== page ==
links, was that some members of Mugabe's secret police, the Central
Intelligence Organization (CIO), were feeling sufficiently disaffected to
talk frankly, though of course anonymously, about the subject.

Mugabe's relationship with radical Islam goes back to 1978 when Libya's
president Muammar Qadaffi provided arms and training for his Zanla
guerrillas in Mozambique and, after Zimbabwean independence, trained 700
policemen for the new government. Mugabe was, however, well aware that
Libyan sponsorship of various terrorist groups made friendship with Qadaffi
extremely unwise and he kept relations formal and distant. This remained the
case even after the Reagan administration's air strike on Tripoli in 1986 in
retaliation for several terrorist outrages traceable to Libya. Qadaffi, who
had a son killed in the raid and narrowly escaped with his own life, was
badly shaken and arrived at the Non-Aligned Movement summit in Harare a few
months later thirsting for revenge and tried to enlist Mugabe and the NAM in
an anti-US crusade. Mugabe, hosting the summit, was carefully unreceptive
and Qadaffi stormed out in a huff. Relations between the two men remained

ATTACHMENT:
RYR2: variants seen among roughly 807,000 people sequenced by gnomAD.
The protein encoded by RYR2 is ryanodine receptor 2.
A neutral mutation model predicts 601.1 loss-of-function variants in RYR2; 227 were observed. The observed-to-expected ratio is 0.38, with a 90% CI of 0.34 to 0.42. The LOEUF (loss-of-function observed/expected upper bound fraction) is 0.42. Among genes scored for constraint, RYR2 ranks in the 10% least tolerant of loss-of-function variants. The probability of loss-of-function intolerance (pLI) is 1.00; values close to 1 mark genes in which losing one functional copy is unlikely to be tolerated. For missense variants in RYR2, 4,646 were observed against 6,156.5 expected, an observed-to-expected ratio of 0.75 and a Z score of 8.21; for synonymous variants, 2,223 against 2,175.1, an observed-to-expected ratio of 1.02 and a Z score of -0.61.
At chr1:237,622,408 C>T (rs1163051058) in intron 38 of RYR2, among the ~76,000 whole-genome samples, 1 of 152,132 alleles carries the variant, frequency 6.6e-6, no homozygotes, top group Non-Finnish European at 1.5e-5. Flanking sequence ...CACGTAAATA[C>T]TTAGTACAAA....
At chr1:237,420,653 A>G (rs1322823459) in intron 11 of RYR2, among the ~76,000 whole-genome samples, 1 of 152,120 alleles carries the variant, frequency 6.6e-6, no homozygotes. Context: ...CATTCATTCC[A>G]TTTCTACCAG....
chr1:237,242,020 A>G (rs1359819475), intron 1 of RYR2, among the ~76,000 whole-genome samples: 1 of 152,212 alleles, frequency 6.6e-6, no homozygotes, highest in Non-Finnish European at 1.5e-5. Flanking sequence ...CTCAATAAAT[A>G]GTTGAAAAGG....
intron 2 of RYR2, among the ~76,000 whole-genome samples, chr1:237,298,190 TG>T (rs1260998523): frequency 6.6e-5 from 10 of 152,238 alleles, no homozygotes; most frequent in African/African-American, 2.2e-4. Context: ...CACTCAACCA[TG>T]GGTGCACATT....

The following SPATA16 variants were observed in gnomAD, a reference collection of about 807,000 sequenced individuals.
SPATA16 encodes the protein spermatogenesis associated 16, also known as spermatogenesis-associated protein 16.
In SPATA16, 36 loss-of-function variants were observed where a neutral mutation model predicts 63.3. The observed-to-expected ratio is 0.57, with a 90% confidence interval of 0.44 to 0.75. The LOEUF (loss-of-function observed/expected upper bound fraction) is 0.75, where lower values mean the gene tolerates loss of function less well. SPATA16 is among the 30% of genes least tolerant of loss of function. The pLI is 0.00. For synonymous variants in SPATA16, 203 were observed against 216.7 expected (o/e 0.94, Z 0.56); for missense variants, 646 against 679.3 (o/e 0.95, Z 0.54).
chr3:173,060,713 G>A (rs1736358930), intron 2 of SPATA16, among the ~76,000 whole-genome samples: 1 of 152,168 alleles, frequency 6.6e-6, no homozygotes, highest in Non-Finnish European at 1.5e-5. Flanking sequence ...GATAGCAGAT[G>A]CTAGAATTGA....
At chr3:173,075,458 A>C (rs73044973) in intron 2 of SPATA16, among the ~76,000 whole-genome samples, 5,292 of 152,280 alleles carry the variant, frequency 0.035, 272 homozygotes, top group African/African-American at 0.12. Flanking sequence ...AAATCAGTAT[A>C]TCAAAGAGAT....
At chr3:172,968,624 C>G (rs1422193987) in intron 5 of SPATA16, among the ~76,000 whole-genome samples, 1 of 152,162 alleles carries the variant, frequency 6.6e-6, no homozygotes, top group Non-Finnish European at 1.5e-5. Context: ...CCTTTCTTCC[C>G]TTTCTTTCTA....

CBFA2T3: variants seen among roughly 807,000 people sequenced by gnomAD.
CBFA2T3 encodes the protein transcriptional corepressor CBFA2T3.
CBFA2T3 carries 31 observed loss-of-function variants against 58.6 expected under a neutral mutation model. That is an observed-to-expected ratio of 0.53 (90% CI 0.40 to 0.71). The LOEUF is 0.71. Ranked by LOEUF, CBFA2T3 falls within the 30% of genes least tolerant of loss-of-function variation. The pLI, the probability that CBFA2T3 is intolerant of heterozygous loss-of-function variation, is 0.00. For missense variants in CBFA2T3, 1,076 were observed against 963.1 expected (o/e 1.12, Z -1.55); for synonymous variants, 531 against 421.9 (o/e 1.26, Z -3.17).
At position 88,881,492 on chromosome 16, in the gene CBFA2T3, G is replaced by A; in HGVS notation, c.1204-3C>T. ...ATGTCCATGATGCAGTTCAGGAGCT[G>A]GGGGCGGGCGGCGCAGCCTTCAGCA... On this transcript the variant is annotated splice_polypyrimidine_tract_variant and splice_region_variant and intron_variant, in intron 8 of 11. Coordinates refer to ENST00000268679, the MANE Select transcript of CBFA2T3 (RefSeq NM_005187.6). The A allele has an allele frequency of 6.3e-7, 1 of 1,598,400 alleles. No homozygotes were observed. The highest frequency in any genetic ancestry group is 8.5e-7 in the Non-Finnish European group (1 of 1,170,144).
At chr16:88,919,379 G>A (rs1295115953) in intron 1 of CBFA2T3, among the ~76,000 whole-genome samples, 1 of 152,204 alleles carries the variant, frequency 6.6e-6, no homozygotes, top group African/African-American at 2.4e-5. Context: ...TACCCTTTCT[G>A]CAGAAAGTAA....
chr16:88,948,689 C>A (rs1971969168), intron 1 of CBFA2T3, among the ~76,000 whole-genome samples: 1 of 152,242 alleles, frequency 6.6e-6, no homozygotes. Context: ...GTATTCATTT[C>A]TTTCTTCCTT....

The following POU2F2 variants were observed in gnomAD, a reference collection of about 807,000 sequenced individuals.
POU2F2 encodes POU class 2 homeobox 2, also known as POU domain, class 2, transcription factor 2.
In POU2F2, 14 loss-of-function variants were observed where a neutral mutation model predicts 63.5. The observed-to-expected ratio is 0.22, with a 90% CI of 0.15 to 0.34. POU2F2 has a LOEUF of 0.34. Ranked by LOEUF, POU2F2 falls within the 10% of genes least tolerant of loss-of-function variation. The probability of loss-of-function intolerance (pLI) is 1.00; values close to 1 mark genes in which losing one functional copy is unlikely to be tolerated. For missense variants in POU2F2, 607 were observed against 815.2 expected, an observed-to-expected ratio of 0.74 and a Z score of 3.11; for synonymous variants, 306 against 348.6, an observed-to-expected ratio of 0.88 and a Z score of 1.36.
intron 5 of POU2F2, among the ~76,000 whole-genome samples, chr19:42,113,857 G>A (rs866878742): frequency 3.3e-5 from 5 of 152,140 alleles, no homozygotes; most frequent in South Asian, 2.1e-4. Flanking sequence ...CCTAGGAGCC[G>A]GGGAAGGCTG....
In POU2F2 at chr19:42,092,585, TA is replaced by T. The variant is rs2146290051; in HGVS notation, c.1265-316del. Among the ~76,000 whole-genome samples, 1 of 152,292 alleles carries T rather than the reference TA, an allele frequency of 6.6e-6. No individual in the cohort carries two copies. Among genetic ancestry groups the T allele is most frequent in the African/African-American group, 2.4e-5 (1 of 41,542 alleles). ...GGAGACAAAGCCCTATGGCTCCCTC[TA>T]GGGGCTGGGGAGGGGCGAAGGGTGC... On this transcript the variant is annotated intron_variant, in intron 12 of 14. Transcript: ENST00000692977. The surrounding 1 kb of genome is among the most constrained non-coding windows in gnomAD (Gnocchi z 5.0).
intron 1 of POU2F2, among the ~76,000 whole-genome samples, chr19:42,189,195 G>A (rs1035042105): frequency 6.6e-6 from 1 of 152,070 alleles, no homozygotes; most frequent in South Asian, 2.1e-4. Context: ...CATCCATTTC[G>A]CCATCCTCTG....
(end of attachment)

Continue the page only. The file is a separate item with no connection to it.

cool until 1999. One CIO officer, a man I shall call John, who had followed
the relationship from his desk in Harare, told me that what had really
changed things was Mugabe's resounding defeat by the opposition Movement for
Democratic Change (MDC) in the February 2000 constitutional referendum.
Mugabe quickly approached Qadaffi: with his regime now under threat and
isolated on the world stage Mugabe had far less to lose diplomatically than
before. Qadaffi responded positively and the relationship between the two
leaders became extremely close. Mugabe became increasingly sensitive to the
currents and wishes of the Muslim world, particularly since the Mahathir
regime in Malaysia was one of his few other friends. Through John I managed
to make contact with 'Walter', a high-ranking CIO officer who had served
much of his career in Islamic countries, including Libya. My own presence in
Harare was a somewhat delicate matter - I had watched the minister of
information, Jonathan Moyo, denounce me on TV and say that I was not welcome
in the country - so Walter could hardly be seen talking to me. Accordingly
one night I was guided through the Harare suburbs by a car whose driver I
never saw to a place where a second car was parked and which in turn led me
to the house where I found Walter.

Walter told me that he had not been long in the Middle East before he had
realized that Qadaffi's links with terrorism had not ceased after 1986 but
had, perforce, merely become more discreet. Qadaffi, still animated by a